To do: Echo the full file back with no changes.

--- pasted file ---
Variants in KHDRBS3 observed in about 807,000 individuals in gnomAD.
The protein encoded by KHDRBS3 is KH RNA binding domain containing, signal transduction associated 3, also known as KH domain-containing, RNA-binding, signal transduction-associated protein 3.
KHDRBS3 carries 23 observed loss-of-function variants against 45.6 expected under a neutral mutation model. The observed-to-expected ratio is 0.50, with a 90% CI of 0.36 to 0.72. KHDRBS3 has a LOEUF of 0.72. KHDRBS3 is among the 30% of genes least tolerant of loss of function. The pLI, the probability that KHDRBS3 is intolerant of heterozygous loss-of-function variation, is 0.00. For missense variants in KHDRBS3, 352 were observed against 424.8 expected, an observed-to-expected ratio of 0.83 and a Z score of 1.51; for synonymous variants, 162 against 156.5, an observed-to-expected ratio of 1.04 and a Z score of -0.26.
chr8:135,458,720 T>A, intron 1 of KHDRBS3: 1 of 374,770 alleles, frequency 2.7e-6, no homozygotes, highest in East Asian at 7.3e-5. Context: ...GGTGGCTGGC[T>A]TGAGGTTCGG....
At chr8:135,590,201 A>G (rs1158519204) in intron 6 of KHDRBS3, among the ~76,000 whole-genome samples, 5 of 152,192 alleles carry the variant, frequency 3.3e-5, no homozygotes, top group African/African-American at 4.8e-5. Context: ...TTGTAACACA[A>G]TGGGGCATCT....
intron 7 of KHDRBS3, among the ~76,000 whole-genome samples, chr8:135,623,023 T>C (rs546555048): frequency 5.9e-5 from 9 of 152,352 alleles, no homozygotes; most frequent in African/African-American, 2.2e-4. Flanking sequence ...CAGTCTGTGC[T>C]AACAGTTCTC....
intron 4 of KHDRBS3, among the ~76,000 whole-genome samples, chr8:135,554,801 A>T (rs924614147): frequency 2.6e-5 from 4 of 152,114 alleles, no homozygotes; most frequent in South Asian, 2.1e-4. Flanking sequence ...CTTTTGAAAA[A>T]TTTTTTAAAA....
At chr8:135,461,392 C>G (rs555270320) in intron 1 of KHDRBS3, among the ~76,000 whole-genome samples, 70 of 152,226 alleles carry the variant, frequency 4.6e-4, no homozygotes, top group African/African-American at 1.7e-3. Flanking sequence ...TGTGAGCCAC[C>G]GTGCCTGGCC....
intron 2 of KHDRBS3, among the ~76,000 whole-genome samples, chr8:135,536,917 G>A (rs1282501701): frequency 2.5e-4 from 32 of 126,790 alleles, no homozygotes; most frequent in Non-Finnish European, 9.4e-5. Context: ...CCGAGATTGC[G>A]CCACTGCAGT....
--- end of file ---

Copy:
Variants in KHDRBS3 observed in about 807,000 individuals in gnomAD.
The protein encoded by KHDRBS3 is KH RNA binding domain containing, signal transduction associated 3, also known as KH domain-containing, RNA-binding, signal transduction-associated protein 3.
KHDRBS3 carries 23 observed loss-of-function variants against 45.6 expected under a neutral mutation model. The observed-to-expected ratio is 0.50, with a 90% CI of 0.36 to 0.72. KHDRBS3 has a LOEUF of 0.72. KHDRBS3 is among the 30% of genes least tolerant of loss of function. The pLI, the probability that KHDRBS3 is intolerant of heterozygous loss-of-function variation, is 0.00. For missense variants in KHDRBS3, 352 were observed against 424.8 expected, an observed-to-expected ratio of 0.83 and a Z score of 1.51; for synonymous variants, 162 against 156.5, an observed-to-expected ratio of 1.04 and a Z score of -0.26.
chr8:135,458,720 T>A, intron 1 of KHDRBS3: 1 of 374,770 alleles, frequency 2.7e-6, no homozygotes, highest in East Asian at 7.3e-5. Context: ...GGTGGCTGGC[T>A]TGAGGTTCGG....
At chr8:135,590,201 A>G (rs1158519204) in intron 6 of KHDRBS3, among the ~76,000 whole-genome samples, 5 of 152,192 alleles carry the variant, frequency 3.3e-5, no homozygotes, top group African/African-American at 4.8e-5. Context: ...TTGTAACACA[A>G]TGGGGCATCT....
intron 7 of KHDRBS3, among the ~76,000 whole-genome samples, chr8:135,623,023 T>C (rs546555048): frequency 5.9e-5 from 9 of 152,352 alleles, no homozygotes; most frequent in African/African-American, 2.2e-4. Flanking sequence ...CAGTCTGTGC[T>C]AACAGTTCTC....
intron 4 of KHDRBS3, among the ~76,000 whole-genome samples, chr8:135,554,801 A>T (rs924614147): frequency 2.6e-5 from 4 of 152,114 alleles, no homozygotes; most frequent in South Asian, 2.1e-4. Flanking sequence ...CTTTTGAAAA[A>T]TTTTTTAAAA....
At chr8:135,461,392 C>G (rs555270320) in intron 1 of KHDRBS3, among the ~76,000 whole-genome samples, 70 of 152,226 alleles carry the variant, frequency 4.6e-4, no homozygotes, top group African/African-American at 1.7e-3. Flanking sequence ...TGTGAGCCAC[C>G]GTGCCTGGCC....
intron 2 of KHDRBS3, among the ~76,000 whole-genome samples, chr8:135,536,917 G>A (rs1282501701): frequency 2.5e-4 from 32 of 126,790 alleles, no homozygotes; most frequent in Non-Finnish European, 9.4e-5. Context: ...CCGAGATTGC[G>A]CCACTGCAGT....